Late last week, the International Consumer Protection and Enforcement Network (“ICPEN”) published three sets of guidelines covering online reviews and endorsements. Why does this matter?
ICPEN is an informal network of consumer protection law enforcement authorities from over 60 jurisdictions, including the US, the UK, and the EU, where authorities share information and seek to combat consumer problems that arise in cross-border transactions involving goods and services. Simply put, the guidelines offer recommended dos and don’ts for review sites, advertisers and influencers to help keep everyone out of trouble with the authorities in member countries. And speaking of the “authorities” … Stacy Feurer, Assistant Director for International Consumer Protection at the FTC Office of International Affairs wrote a blog post on the FTC’s Business Center Blog praising the guidelines for their examples and practical advice in the area of truth-in-advertising.
For Advertisers and Influencers
The recommendations for brands and digital influencers are nothing new if you’ve been keeping up with the FTC’s guidance on endorsements, testimonials and native advertising:
Disclose Paid Posts – Blog posts, social media posts, sponsored stories, product placements or even just a link that appears in a feed as a result of a payment or other form of compensation (e.g. free stuff) should be prominently and clearly disclosed.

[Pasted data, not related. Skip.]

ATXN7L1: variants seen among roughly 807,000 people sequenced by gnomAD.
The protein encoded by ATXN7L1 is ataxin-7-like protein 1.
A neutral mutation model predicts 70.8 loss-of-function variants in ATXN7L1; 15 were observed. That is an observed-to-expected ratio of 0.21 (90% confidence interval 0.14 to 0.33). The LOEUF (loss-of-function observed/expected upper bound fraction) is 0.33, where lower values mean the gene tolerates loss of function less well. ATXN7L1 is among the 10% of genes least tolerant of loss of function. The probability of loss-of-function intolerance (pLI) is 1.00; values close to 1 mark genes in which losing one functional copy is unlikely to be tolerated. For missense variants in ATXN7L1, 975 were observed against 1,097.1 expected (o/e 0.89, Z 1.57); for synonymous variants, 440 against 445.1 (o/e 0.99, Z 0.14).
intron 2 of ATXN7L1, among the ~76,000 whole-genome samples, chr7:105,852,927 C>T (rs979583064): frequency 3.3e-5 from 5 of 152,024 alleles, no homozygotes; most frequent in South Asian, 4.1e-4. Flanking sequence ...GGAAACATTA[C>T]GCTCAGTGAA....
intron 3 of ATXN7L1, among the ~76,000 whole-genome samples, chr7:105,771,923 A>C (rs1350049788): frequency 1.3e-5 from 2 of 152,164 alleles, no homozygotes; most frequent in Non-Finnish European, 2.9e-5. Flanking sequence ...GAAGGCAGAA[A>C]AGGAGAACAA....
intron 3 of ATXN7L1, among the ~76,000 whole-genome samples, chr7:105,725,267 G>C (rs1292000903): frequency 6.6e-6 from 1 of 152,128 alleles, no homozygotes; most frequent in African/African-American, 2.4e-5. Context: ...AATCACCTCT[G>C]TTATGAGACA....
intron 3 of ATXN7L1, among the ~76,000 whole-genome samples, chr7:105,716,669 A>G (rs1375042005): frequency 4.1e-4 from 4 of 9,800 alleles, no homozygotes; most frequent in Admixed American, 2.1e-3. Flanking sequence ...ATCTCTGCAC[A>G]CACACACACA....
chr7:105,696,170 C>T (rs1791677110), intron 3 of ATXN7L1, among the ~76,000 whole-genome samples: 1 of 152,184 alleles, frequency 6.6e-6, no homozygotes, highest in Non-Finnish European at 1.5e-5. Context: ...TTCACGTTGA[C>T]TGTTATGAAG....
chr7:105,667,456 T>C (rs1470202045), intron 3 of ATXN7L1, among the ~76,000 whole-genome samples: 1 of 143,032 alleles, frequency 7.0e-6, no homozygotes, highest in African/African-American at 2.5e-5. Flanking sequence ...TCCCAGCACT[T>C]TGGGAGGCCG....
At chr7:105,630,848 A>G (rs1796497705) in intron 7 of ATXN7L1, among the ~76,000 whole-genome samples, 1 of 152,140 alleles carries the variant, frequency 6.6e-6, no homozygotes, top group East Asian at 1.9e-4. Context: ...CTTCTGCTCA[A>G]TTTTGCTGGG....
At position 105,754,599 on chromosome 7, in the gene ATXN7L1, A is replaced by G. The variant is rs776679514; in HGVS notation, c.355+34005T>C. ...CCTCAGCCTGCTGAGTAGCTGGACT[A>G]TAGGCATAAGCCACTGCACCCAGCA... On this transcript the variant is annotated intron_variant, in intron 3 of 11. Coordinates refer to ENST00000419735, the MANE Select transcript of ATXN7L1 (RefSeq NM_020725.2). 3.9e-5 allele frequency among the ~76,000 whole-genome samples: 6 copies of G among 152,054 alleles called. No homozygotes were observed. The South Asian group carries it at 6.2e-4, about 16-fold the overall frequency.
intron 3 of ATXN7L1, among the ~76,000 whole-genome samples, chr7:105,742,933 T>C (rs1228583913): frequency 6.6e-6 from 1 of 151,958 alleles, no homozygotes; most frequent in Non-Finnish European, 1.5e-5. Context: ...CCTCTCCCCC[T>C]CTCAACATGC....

Influencers and Brands Should be Open and Honest about Their Commercial Relationships – The guidelines recommend that even if a celebrity is not being paid to post a particular tweet, it may be appropriate to disclose the celebrity’s status as the brand’s ambassador or any other financial connection to the brand.
Reviews Should be Genuine – Influencers shouldn’t offer up opinions about products they haven’t tried and brands shouldn’t ask them to do so. Any opinions offered should be honestly provided.
Don’t Do Business with Those Not Willing to Follow the Rules – Brands and influencers have a responsibility to consumers to be truthful. Don’t ruin your reputation (or worse) by doing business with others that require you to refrain from using proper disclosures. Advertisers and influencers should include references to the disclosure requirements in their contracts with each other.
Some Additional Points for Advertisers:
Give Clear Instructions to Intermediaries and Publishers – Don’t blindly trust that your advertising agency, PR agency, bloggers, influencers or the online publications with which you do business will have it covered. Brands should take responsibility for ensuring that any necessary disclosures are clear and prominent.
Have Your Own Policy and Enforce It – Advertisers should review training manuals, contracts and internal policies to ensure they cover truth-in-advertising principles. Periodic monitoring of your policies is also important.